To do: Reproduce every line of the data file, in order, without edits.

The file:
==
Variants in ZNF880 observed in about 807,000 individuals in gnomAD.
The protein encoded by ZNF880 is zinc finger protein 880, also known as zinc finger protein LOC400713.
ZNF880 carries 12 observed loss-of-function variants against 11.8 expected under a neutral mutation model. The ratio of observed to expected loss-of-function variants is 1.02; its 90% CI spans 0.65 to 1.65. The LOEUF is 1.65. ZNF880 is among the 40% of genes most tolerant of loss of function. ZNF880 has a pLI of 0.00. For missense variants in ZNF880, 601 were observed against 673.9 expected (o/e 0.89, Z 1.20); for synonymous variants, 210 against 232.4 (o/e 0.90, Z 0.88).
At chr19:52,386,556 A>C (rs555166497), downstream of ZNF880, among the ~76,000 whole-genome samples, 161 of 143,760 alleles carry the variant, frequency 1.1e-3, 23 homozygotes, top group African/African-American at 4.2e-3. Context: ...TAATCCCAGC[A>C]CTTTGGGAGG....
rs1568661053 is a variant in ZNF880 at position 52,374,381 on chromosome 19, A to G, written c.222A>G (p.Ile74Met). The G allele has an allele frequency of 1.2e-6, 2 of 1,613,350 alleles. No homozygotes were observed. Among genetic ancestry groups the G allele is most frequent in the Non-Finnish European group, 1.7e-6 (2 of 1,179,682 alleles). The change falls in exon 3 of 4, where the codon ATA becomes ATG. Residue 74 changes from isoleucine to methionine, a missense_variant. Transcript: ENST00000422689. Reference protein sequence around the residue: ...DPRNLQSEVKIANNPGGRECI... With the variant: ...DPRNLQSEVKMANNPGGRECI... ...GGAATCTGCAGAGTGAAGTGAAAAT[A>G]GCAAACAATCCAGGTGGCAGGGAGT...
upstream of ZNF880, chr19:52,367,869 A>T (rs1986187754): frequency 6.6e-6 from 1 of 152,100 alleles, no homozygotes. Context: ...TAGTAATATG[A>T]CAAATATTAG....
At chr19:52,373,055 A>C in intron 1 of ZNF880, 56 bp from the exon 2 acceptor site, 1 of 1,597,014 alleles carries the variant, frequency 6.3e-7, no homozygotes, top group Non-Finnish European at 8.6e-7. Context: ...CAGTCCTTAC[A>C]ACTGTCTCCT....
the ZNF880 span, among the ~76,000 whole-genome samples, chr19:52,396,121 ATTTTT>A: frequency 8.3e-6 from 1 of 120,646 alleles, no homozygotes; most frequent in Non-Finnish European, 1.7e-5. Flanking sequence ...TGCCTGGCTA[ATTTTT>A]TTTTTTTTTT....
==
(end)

Variants in ZNF880 observed in about 807,000 individuals in gnomAD.
The protein encoded by ZNF880 is zinc finger protein 880, also known as zinc finger protein LOC400713.
ZNF880 carries 12 observed loss-of-function variants against 11.8 expected under a neutral mutation model. The ratio of observed to expected loss-of-function variants is 1.02; its 90% CI spans 0.65 to 1.65. The LOEUF is 1.65. ZNF880 is among the 40% of genes most tolerant of loss of function. ZNF880 has a pLI of 0.00. For missense variants in ZNF880, 601 were observed against 673.9 expected (o/e 0.89, Z 1.20); for synonymous variants, 210 against 232.4 (o/e 0.90, Z 0.88).
At chr19:52,386,556 A>C (rs555166497), downstream of ZNF880, among the ~76,000 whole-genome samples, 161 of 143,760 alleles carry the variant, frequency 1.1e-3, 23 homozygotes, top group African/African-American at 4.2e-3. Context: ...TAATCCCAGC[A>C]CTTTGGGAGG....
rs1568661053 is a variant in ZNF880 at position 52,374,381 on chromosome 19, A to G, written c.222A>G (p.Ile74Met). The G allele has an allele frequency of 1.2e-6, 2 of 1,613,350 alleles. No homozygotes were observed. Among genetic ancestry groups the G allele is most frequent in the Non-Finnish European group, 1.7e-6 (2 of 1,179,682 alleles). The change falls in exon 3 of 4, where the codon ATA becomes ATG. Residue 74 changes from isoleucine to methionine, a missense_variant. Transcript: ENST00000422689. Reference protein sequence around the residue: ...DPRNLQSEVKIANNPGGRECI... With the variant: ...DPRNLQSEVKMANNPGGRECI... ...GGAATCTGCAGAGTGAAGTGAAAAT[A>G]GCAAACAATCCAGGTGGCAGGGAGT...
upstream of ZNF880, chr19:52,367,869 A>T (rs1986187754): frequency 6.6e-6 from 1 of 152,100 alleles, no homozygotes. Context: ...TAGTAATATG[A>T]CAAATATTAG....
At chr19:52,373,055 A>C in intron 1 of ZNF880, 56 bp from the exon 2 acceptor site, 1 of 1,597,014 alleles carries the variant, frequency 6.3e-7, no homozygotes, top group Non-Finnish European at 8.6e-7. Context: ...CAGTCCTTAC[A>C]ACTGTCTCCT....
the ZNF880 span, among the ~76,000 whole-genome samples, chr19:52,396,121 ATTTTT>A: frequency 8.3e-6 from 1 of 120,646 alleles, no homozygotes; most frequent in Non-Finnish European, 1.7e-5. Flanking sequence ...TGCCTGGCTA[ATTTTT>A]TTTTTTTTTT....